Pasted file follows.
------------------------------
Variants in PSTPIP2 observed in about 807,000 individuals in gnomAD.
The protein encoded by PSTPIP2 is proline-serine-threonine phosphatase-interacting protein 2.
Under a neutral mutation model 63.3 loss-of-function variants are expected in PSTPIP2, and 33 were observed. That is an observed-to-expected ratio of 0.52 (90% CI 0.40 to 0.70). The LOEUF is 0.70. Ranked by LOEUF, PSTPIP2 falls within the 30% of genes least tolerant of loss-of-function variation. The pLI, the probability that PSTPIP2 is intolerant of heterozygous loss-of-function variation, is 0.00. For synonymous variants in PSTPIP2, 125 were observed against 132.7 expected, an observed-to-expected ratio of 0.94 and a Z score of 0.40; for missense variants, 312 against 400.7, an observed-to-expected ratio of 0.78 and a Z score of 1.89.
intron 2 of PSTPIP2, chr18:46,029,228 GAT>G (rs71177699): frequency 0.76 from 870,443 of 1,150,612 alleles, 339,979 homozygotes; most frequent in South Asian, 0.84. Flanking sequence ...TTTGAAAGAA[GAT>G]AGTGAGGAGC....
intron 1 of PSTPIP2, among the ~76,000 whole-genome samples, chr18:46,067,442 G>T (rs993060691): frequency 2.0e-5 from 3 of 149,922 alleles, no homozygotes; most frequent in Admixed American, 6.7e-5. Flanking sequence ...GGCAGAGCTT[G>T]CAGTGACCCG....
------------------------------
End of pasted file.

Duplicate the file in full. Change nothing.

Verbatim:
Variants in PSTPIP2 observed in about 807,000 individuals in gnomAD.
The protein encoded by PSTPIP2 is proline-serine-threonine phosphatase-interacting protein 2.
Under a neutral mutation model 63.3 loss-of-function variants are expected in PSTPIP2, and 33 were observed. That is an observed-to-expected ratio of 0.52 (90% CI 0.40 to 0.70). The LOEUF is 0.70. Ranked by LOEUF, PSTPIP2 falls within the 30% of genes least tolerant of loss-of-function variation. The pLI, the probability that PSTPIP2 is intolerant of heterozygous loss-of-function variation, is 0.00. For synonymous variants in PSTPIP2, 125 were observed against 132.7 expected, an observed-to-expected ratio of 0.94 and a Z score of 0.40; for missense variants, 312 against 400.7, an observed-to-expected ratio of 0.78 and a Z score of 1.89.
intron 2 of PSTPIP2, chr18:46,029,228 GAT>G (rs71177699): frequency 0.76 from 870,443 of 1,150,612 alleles, 339,979 homozygotes; most frequent in South Asian, 0.84. Flanking sequence ...TTTGAAAGAA[GAT>G]AGTGAGGAGC....
intron 1 of PSTPIP2, among the ~76,000 whole-genome samples, chr18:46,067,442 G>T (rs993060691): frequency 2.0e-5 from 3 of 149,922 alleles, no homozygotes; most frequent in Admixed American, 6.7e-5. Flanking sequence ...GGCAGAGCTT[G>T]CAGTGACCCG....